Afghanistan's government has formally rejected and outlawed a plan, advocated by an American businessman, to privatize the 17-year-old war in the country, effectively ending a heated debate on the issue.
Erik Prince promoted his proposal on Kabul television as recently as last week for the government to allow foreign contractors to support Afghan forces in the fight against the Taliban, claiming it could end the war in “six months.”
Prince’s latest assertions triggered suspicions in local media that after of recent battlefield setbacks, President Ashraf Ghani’s administration was tacitly backing the renewed debate.
But in an official statement, National Security Advisor Hamdullah Mohib said Thursday, “In no manner does the government of Afghanistan condone this destructive and divisive debate.”
“Under no circumstances will the Afghan government and people allow the counterterrorism fight to become a private, for-profit business,” said Mohib.
Earlier this week in a televised speech, Ghani also indirectly referred to Prince’s idea, saying “foreign mercenaries” will not be allowed to operate in Afghanistan.
U.S. Defense Secretary James Mattis rejected the proposal weeks ago.
Mohib said that Afghan security forces are determined to lead the anti-terrorism fight and defend the country’s territorial integrity under the framework of all applicable national laws and with the support of international allies.
“This can not and will not be outsourced to private business. We will not allow our struggle to be cheapened by the prospect of profits,” Mohib noted.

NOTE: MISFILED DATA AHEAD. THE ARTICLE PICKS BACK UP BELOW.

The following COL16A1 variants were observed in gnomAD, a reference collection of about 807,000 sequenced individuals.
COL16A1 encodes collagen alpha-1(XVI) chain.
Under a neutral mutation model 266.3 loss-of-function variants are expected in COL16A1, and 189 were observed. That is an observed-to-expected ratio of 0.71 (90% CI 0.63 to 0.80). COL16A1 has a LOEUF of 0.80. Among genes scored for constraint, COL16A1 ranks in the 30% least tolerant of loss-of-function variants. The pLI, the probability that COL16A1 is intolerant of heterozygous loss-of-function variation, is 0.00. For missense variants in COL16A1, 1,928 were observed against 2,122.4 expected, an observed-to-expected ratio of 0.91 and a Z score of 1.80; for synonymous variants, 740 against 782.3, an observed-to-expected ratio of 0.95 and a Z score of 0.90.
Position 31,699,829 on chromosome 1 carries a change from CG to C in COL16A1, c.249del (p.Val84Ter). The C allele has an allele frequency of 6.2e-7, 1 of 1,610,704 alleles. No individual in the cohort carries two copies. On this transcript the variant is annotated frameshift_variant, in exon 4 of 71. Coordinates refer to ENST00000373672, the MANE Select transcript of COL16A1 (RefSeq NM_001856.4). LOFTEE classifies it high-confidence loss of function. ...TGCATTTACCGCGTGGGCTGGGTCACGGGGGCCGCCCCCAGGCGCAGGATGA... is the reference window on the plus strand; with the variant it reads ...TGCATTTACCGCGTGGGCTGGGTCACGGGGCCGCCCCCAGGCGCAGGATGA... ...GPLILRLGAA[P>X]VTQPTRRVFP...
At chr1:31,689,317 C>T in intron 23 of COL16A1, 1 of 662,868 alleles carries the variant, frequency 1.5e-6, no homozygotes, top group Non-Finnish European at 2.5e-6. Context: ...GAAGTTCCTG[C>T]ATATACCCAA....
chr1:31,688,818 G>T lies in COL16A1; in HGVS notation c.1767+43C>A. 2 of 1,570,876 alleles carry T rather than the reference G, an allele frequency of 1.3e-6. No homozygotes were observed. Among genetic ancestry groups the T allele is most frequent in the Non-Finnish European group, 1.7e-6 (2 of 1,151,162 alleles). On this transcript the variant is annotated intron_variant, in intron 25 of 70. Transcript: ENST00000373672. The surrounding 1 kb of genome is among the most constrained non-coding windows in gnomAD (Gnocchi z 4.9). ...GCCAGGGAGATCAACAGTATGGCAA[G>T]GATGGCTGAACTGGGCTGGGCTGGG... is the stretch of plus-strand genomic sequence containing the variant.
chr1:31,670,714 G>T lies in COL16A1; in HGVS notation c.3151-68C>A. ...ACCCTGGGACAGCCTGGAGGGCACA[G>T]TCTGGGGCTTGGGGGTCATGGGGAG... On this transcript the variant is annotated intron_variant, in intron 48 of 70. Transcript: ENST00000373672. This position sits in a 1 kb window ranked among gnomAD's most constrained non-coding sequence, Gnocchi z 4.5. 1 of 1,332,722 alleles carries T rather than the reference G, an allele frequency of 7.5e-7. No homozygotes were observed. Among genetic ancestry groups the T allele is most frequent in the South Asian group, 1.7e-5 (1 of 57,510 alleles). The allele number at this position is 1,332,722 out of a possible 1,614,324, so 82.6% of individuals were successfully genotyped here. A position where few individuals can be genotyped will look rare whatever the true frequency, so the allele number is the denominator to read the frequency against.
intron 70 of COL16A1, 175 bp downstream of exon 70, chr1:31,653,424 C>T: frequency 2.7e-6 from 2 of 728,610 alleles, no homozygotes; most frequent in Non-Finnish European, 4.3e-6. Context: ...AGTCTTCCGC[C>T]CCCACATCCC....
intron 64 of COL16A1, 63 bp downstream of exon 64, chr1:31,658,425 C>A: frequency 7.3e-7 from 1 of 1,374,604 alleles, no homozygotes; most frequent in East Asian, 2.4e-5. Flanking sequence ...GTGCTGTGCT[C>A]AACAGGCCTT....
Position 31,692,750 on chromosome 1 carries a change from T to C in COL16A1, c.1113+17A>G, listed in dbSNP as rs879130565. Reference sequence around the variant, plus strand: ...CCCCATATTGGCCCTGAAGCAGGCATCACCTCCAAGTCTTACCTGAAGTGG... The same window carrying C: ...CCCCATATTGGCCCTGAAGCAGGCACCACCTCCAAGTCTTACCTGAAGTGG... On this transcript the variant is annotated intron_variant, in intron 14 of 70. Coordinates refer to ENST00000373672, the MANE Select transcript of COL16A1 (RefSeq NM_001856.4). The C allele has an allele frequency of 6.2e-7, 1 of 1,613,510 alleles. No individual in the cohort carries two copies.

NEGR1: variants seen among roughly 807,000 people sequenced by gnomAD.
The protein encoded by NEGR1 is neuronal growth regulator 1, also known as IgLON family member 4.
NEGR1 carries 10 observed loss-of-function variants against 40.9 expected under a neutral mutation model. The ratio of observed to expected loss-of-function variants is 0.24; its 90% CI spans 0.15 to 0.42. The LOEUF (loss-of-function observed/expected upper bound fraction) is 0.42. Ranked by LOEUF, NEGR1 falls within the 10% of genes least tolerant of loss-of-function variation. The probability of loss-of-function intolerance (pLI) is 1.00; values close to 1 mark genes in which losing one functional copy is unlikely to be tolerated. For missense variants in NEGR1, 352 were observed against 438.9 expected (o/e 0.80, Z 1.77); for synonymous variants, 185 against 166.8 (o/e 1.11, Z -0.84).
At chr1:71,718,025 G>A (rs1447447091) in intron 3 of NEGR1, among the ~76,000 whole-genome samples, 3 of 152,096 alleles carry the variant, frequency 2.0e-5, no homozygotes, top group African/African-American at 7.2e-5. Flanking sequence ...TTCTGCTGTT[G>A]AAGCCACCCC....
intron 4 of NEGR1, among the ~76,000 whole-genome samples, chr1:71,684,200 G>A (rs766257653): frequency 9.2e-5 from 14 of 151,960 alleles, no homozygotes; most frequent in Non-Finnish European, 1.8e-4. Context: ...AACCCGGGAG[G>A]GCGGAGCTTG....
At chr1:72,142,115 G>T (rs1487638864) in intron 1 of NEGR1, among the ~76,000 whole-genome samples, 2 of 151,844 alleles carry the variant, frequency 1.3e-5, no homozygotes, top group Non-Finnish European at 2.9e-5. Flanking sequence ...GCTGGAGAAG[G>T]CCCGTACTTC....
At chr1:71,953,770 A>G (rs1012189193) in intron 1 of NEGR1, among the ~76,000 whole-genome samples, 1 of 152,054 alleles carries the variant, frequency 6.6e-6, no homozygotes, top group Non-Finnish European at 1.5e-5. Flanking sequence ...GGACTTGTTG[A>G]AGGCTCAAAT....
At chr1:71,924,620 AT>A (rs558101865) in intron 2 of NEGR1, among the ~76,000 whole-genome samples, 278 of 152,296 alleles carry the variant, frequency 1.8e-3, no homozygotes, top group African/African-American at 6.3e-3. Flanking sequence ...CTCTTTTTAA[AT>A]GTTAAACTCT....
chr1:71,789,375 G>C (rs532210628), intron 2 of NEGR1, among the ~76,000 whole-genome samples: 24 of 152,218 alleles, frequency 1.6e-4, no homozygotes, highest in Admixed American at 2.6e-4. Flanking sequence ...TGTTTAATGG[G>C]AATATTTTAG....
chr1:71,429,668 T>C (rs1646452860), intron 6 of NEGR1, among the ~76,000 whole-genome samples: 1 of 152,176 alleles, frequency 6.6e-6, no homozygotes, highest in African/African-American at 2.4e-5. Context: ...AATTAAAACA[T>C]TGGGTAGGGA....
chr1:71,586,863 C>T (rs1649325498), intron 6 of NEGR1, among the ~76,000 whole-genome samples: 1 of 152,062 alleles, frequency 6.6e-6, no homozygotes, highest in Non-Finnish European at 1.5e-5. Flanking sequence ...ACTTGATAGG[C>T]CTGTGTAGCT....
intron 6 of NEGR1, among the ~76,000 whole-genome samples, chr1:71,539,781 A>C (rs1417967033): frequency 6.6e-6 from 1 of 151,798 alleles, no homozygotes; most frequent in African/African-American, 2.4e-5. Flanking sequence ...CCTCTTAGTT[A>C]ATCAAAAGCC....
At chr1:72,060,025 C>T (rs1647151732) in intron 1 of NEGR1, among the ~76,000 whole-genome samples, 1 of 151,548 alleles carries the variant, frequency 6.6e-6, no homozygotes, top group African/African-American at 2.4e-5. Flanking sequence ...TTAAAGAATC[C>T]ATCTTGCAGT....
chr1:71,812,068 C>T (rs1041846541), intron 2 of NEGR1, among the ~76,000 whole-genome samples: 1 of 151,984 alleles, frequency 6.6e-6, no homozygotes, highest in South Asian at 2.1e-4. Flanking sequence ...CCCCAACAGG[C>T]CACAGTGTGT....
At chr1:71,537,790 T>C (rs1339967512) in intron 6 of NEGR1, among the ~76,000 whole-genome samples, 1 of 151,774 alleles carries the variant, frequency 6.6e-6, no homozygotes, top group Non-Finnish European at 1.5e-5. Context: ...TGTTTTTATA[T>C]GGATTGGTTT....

The advisor added that the addition of new “foreign and “unaccountable elements” would violate the principle that Afghans want to determine their own future.
On Tuesday, U.S.-based Human Rights Watch warned outsourcing the war “may exacerbate abuses and undermine what fragile justice systems exist.” The monitor group noted all parties to the conflict have allegedly committed war crimes and grave human rights violations, and civilian casualties have reached new highs.
“Prince’s company, Academi, formerly known as Blackwater, has been implicated in serious crimes in Iraq,” said HRW. The private company’s contractors do not report directly to the military, though they can be prosecuted for crimes in U.S. courts, it added.
“Afghanistan already has a poor track record prosecuting members of its security forces implicated in serious human rights abuses, including killing civilians. Given the impunity already enjoyed by the security forces, placing them under the command of private security contractors could further undermine accountability.”